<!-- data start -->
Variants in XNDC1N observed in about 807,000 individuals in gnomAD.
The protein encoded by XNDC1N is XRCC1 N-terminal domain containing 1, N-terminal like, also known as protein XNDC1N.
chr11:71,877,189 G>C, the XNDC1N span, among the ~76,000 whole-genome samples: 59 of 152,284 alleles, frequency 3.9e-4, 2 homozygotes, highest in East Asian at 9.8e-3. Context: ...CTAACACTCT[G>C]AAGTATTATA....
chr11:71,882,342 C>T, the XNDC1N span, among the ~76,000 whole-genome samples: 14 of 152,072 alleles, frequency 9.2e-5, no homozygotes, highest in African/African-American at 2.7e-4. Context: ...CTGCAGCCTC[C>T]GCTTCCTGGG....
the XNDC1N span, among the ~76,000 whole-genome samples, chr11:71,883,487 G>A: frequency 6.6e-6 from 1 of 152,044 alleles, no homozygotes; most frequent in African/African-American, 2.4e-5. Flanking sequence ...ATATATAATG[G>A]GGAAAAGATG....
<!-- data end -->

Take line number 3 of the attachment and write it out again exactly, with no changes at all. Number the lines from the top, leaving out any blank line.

chr11:71,877,189 G>C, the XNDC1N span, among the ~76,000 whole-genome samples: 59 of 152,284 alleles, frequency 3.9e-4, 2 homozygotes, highest in East Asian at 9.8e-3. Context: ...CTAACACTCT[G>C]AAGTATTATA....